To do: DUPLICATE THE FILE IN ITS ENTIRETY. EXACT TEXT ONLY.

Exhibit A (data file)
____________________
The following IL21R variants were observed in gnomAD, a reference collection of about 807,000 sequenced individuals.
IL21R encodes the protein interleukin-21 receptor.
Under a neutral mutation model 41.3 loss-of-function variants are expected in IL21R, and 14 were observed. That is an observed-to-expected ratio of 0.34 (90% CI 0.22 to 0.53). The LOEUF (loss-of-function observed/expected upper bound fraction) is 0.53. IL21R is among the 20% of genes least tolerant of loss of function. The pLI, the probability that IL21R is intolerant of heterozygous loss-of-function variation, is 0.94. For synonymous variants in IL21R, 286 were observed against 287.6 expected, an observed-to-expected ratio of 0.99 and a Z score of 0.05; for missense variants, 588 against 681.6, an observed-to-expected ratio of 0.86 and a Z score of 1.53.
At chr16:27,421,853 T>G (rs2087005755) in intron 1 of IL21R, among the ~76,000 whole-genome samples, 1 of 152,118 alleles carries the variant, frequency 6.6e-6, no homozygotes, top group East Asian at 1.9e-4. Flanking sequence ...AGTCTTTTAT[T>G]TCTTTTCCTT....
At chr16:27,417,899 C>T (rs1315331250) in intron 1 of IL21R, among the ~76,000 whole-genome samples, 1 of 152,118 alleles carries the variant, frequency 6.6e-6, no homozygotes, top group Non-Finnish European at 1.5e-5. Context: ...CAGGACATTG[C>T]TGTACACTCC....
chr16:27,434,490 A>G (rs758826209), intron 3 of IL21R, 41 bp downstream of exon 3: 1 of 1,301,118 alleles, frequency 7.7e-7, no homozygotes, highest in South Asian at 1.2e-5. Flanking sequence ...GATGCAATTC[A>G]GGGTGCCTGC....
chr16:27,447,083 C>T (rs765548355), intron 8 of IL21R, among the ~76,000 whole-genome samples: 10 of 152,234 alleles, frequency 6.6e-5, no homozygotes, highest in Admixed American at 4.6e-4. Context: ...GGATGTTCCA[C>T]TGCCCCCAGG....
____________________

The following IL21R variants were observed in gnomAD, a reference collection of about 807,000 sequenced individuals.
IL21R encodes the protein interleukin-21 receptor.
Under a neutral mutation model 41.3 loss-of-function variants are expected in IL21R, and 14 were observed. That is an observed-to-expected ratio of 0.34 (90% CI 0.22 to 0.53). The LOEUF (loss-of-function observed/expected upper bound fraction) is 0.53. IL21R is among the 20% of genes least tolerant of loss of function. The pLI, the probability that IL21R is intolerant of heterozygous loss-of-function variation, is 0.94. For synonymous variants in IL21R, 286 were observed against 287.6 expected, an observed-to-expected ratio of 0.99 and a Z score of 0.05; for missense variants, 588 against 681.6, an observed-to-expected ratio of 0.86 and a Z score of 1.53.
At chr16:27,421,853 T>G (rs2087005755) in intron 1 of IL21R, among the ~76,000 whole-genome samples, 1 of 152,118 alleles carries the variant, frequency 6.6e-6, no homozygotes, top group East Asian at 1.9e-4. Flanking sequence ...AGTCTTTTAT[T>G]TCTTTTCCTT....
At chr16:27,417,899 C>T (rs1315331250) in intron 1 of IL21R, among the ~76,000 whole-genome samples, 1 of 152,118 alleles carries the variant, frequency 6.6e-6, no homozygotes, top group Non-Finnish European at 1.5e-5. Context: ...CAGGACATTG[C>T]TGTACACTCC....
chr16:27,434,490 A>G (rs758826209), intron 3 of IL21R, 41 bp downstream of exon 3: 1 of 1,301,118 alleles, frequency 7.7e-7, no homozygotes, highest in South Asian at 1.2e-5. Flanking sequence ...GATGCAATTC[A>G]GGGTGCCTGC....
chr16:27,447,083 C>T (rs765548355), intron 8 of IL21R, among the ~76,000 whole-genome samples: 10 of 152,234 alleles, frequency 6.6e-5, no homozygotes, highest in Admixed American at 4.6e-4. Context: ...GGATGTTCCA[C>T]TGCCCCCAGG....